English edit

English Wikipedia has an article on:
Illuminated Byzantine gospel lectionary, circa 1100

Pronunciation edit

  • IPA(key): /ˈmæn.jʊˌskɹɪpt/
  • (file)
  • Hyphenation: man‧u‧script

Etymology 1 edit

1597, from Medieval Latin manūscrīptus, a calque of Germanic origin, equivalent to Latin manū (ablative of manus (hand)) + Latin scrīptus (past participle of scribere (to write)). Not found in Classical Latin.

Adjective edit

manuscript (not comparable)

  1. Handwritten, or by extension manually typewritten, as opposed to being mechanically reproduced.
Translations edit

Etymology 2 edit

From Medieval Latin manūscrīptum (writing by hand), a calque of Germanic origin: compare Middle High German hantschrift, hantgeschrift (manuscript) (c. 1450), Old English handġewrit (what is written by hand, deed, contract, manuscript) (before 1150), Old Norse handrit (manuscript) (before 1300). Not found in Classical Latin.

Noun edit

manuscript (plural manuscripts)

  1. A book, composition or any other document, written by hand (or manually typewritten), not mechanically reproduced.
    • 1897 December (indicated as 1898), Winston Churchill, chapter I, in The Celebrity: An Episode, New York, N.Y.: The Macmillan Company; London: Macmillan & Co., Ltd., →OCLC:
      In the old days, to my commonplace and unobserving mind, he gave no evidences of genius whatsoever. He never read me any of his manuscripts, […], and therefore my lack of detection of his promise may in some degree be pardoned.
    • 2013 September-October, Henry Petroski, “The Evolution of Eyeglasses”, in American Scientist:
      The ability of a segment of a glass sphere to magnify whatever is placed before it was known around the year 1000, when the spherical segment was called a reading stone, [] . Scribes, illuminators, and scholars held such stones directly over manuscript pages as an aid in seeing what was being written, drawn, or read.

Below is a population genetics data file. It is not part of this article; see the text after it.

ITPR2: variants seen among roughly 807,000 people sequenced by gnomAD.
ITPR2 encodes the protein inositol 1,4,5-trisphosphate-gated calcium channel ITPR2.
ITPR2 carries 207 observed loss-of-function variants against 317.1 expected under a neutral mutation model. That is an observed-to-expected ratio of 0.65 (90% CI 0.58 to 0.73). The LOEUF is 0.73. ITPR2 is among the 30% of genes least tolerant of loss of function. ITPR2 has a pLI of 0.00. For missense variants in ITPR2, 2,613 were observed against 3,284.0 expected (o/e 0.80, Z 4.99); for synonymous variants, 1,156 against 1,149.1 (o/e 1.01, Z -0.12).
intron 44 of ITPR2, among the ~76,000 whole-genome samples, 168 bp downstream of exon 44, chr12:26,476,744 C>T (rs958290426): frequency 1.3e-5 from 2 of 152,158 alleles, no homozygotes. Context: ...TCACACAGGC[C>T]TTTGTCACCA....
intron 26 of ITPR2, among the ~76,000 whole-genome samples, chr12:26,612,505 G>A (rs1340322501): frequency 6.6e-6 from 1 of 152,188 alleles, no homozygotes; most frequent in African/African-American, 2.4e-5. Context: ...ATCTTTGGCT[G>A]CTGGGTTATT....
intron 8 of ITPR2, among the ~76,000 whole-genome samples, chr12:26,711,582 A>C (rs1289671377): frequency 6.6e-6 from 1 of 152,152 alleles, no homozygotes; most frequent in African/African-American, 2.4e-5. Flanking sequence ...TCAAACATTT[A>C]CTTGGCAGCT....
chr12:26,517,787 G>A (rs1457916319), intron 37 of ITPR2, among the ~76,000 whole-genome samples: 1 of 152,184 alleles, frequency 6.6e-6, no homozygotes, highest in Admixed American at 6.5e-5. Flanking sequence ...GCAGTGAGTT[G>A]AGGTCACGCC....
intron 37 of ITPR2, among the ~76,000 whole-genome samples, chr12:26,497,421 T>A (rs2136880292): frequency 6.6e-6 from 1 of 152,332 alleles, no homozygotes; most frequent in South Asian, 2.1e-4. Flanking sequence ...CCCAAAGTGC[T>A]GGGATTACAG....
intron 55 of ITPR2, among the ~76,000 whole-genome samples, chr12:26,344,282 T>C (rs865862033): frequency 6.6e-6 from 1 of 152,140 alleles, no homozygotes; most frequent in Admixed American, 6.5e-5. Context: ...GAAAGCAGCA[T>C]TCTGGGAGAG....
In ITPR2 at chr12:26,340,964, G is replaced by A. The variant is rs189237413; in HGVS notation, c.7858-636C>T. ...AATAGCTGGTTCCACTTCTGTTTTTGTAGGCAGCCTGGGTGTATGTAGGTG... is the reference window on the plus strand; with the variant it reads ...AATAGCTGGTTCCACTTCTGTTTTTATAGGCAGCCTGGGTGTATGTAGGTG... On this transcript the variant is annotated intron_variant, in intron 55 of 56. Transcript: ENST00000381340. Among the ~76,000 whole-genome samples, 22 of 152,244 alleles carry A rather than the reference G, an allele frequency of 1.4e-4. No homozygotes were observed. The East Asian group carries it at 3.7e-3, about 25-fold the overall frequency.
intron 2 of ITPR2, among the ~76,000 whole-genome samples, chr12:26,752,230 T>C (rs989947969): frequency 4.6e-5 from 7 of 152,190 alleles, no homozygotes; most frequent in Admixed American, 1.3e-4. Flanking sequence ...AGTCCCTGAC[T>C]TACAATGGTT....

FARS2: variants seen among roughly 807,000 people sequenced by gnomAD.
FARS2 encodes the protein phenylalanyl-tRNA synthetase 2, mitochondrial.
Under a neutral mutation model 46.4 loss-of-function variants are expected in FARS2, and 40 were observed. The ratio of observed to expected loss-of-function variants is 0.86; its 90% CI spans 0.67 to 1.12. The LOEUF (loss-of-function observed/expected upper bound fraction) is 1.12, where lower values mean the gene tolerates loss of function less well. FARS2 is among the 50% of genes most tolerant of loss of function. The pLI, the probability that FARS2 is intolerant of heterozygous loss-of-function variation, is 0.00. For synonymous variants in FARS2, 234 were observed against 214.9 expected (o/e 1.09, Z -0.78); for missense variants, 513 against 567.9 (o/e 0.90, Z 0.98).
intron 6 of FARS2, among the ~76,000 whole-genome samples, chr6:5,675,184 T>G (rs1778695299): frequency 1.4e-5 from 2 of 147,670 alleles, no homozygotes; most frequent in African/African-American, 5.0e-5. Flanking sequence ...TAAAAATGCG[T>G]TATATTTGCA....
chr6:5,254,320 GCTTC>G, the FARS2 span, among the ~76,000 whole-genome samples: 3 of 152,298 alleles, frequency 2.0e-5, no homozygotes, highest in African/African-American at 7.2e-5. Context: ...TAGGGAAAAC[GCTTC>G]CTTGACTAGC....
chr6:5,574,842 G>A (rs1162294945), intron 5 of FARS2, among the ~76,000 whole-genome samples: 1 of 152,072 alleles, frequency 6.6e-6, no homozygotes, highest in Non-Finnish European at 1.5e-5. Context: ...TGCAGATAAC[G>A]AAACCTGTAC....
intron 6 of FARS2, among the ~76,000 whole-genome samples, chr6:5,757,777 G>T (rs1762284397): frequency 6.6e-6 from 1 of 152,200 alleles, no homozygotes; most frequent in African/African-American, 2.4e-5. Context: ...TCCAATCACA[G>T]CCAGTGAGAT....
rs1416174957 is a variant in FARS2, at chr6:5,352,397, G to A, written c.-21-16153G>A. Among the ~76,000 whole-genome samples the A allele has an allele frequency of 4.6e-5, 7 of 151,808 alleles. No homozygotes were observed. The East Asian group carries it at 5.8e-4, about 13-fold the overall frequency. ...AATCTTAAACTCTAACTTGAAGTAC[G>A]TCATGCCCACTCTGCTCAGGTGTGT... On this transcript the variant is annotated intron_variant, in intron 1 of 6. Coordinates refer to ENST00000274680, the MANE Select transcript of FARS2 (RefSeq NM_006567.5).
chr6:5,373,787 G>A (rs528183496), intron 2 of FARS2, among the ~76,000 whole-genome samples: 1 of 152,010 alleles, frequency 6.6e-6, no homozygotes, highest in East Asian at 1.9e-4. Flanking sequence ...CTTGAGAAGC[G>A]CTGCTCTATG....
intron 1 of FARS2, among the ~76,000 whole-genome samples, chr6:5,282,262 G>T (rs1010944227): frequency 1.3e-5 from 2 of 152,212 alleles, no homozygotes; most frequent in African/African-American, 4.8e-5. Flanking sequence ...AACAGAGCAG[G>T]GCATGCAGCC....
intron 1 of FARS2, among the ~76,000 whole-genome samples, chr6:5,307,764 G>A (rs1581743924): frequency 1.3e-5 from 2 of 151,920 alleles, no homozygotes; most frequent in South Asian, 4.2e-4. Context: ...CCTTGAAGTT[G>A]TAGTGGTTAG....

2. A single, original copy of a book, article, composition etc, written by hand or even printed, submitted as original for (copy-editing and) reproductive publication.
Alternative forms edit
Synonyms edit
Derived terms edit
Related terms edit
Translations edit
The translations below need to be checked and inserted above into the appropriate translation tables. See instructions at Wiktionary:Entry layout § Translations.

Dutch edit

Etymology edit

From Medieval Latin manuscrīptum (writing by hand), neuter of manuscrīptus.

Pronunciation edit

  • IPA(key): /ˌmaː.nyˈskrɪpt/
  • (file)
  • Hyphenation: man‧u‧script

Noun edit

manuscript n (plural manuscripten, diminutive manuscriptje n)

  1. A manuscript, written (not printed) text or composition
  2. A manuscript submitted for reproductive publication

Synonyms edit

Descendants edit

  • Afrikaans: manuskrip
  • Indonesian: manuskrip

Middle French edit

Noun edit

manuscript m (plural manuscripts)

  1. manuscript

Descendants edit

Romanian edit

Noun edit

manuscript n (plural manuscripte)

  1. Alternative form of manuscris

Declension edit